Being truly fair is harder and requires more work in the short term than just treating everyone the same. In the long run, it saves time and is more effective. And when it comes to treating everyone the same, every child deserves a lot better than that.


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How full is your bucket?


There’s this great book about self-esteem and personal power called “How full is your bucket?” by  Tom Rath.

The idea of the book is that we all have a bucket (our sense of self) and when it’s “full”, that means we are feeling good about ourselves, feeling safe, feeling like we belong. Unfortunately our bucket can be emptied by lots of things. Put downs, being left out, being ignored, feeling dumb, feeling scared…the list goes on. When our bucket is empty, we sometimes try to fill it up by emptying someone else’s bucket. We feel like we can get back our power by taking away someone else’s. We have all done this. We have all had it done to us. No one feels better for long. Not really.

The good news is, the easiest way to fill your bucket is to fill someone else’s. Help someone less fortunate. A smile can change someone’s day. Ask a friend to join you on a walk. Let someone know you appreciate them. Do a good job, not for the praise, but because it feels really good to take pride in your work.

Here’s the thing…

Our personal power, child or adult, doesn’t come from controlling, putting down or hurting others. When we see people who are mean or negative or aggressive, it’s important to remember that they aren’t really feeling powerful and their bucket is likely empty. Then it’s important to wonder why that person is feeling so empty. It’s not ok for anyone to try to build themselves up by putting you down. When someone puts us down we have conflict resolution, restorative justice, mediation and a variety of other strategies and structures in place to deal with the conflict. But the empathy we can offer – while holding firm personal boundaries – is a gift.

People who feel good about themselves don’t feel the need to belittle, laugh at or put down others. When someone disagrees with or doesn’t understand another person, the appropriate thing is to share differing opinions, have an open mind, work together to find conflict resolution or agree to disagree.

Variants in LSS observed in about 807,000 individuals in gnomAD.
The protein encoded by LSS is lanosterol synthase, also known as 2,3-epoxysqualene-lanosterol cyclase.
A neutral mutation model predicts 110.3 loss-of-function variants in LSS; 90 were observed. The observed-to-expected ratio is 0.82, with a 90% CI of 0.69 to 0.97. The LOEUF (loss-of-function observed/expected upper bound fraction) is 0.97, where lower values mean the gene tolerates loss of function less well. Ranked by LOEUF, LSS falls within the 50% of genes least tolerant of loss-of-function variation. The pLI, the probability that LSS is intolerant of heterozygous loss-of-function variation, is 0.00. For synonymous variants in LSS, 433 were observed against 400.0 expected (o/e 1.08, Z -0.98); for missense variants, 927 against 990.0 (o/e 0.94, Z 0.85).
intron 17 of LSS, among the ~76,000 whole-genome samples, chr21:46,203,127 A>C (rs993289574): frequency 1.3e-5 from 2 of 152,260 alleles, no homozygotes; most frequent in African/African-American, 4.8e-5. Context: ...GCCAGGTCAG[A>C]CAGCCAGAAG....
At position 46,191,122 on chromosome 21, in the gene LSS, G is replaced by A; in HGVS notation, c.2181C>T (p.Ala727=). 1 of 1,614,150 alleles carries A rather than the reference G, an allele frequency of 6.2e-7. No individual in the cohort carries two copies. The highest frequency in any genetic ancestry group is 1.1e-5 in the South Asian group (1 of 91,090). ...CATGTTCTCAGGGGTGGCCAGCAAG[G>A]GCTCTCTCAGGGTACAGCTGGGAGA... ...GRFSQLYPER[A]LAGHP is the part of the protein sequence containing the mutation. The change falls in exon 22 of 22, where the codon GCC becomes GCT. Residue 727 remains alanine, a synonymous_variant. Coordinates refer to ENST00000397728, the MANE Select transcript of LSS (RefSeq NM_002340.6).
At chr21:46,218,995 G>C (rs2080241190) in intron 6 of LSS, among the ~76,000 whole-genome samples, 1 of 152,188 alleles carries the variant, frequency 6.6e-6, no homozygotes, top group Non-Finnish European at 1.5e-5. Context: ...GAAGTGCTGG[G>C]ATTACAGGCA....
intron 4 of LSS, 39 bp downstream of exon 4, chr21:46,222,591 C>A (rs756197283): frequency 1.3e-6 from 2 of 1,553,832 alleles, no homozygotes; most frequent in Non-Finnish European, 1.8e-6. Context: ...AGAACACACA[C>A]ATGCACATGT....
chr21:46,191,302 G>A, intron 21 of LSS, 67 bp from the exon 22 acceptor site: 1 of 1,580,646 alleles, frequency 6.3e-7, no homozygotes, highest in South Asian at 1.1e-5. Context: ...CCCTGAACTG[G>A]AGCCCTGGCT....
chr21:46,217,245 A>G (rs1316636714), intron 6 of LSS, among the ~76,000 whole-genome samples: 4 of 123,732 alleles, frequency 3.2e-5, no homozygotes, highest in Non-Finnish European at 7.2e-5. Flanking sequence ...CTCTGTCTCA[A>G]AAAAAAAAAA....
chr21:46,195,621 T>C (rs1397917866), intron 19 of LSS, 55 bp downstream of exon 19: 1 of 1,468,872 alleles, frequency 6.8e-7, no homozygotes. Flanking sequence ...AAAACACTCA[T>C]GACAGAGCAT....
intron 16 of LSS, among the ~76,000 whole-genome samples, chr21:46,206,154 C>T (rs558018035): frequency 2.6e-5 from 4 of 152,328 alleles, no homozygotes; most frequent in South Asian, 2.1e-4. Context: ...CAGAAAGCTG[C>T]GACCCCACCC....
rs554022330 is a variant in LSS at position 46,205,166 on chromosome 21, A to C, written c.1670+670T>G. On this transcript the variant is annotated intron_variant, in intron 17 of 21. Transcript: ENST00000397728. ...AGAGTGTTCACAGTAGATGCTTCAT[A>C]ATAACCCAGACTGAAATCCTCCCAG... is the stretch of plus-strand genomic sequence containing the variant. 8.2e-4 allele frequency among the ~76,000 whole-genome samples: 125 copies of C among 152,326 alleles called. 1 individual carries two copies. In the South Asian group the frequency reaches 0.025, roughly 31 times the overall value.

Today is thanksgiving. I’m really thankful that I have learned that others don’t decide about how I feel about myself – good or bad. If I’m feeling badly about myself it’s because I’m choosing that mindset. I can choose how to get out of that mindset too. We all can. I’m proud that we are teaching the students in our school the same lesson.

I saw a great quote today. Gratitude – the thing that makes what you have – enough. I’m grateful for so much in my life.  This new challenging job, for working with amazing people (staff, students, parents) and for being back in the town I grew up in.

Happy Thanksgiving.


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What are you afraid of?


What are you afraid of?

We all have fears. Mine? Snakes. Even pictures of them. Heights – not just the falling. Roller coasters and Ferris Wheels are terrifying for me.  I’m no fun at Silverwood.

None of these fears come close to my fear of messing up as a parent. The fear of messing up as a teacher and principal come close because nothing matters more than the affect we leave when we interact with kids. The responsibility is overwhelming sometimes.

I’m a single parent as many of us are, but a parent is a parent. We all do our best. That’s all we can do with each moment, each decision and each word we choose.

Here’s the thing…

There is no manual for parenting, so it was no surprise to learn there is no manual for being a principal either. The decisions I make here are much like my parenting ones. I try to make the right decision at the right time for the right reasons.

I have met hundreds of parents under a variety of circumstances. As you can imagine, I have met people from all walks of life – each with different priorities, interests and points of view. The only common denominator with each of these parents is that they are absolutely doing their best in that moment for their child.

Change is up there with a big fear for all of us. Just when you think you get a handle on one set of circumstances things go and change. You just get used to managing a baby and they start walking. You just get a handle on the toddler years and they start school. Primary school just starts being comfortable and they move to intermediate school. You get used to one teacher or principal and suddenly everything changes. Change is scary, but inevitable so hang in there. Ask questions. Be curious. Share your thinking.

We are all doing our best. I know that every parent I have ever met is doing their best. You are doing a good job! And all without a manual.


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What makes a “good” school?


What makes a “good” school?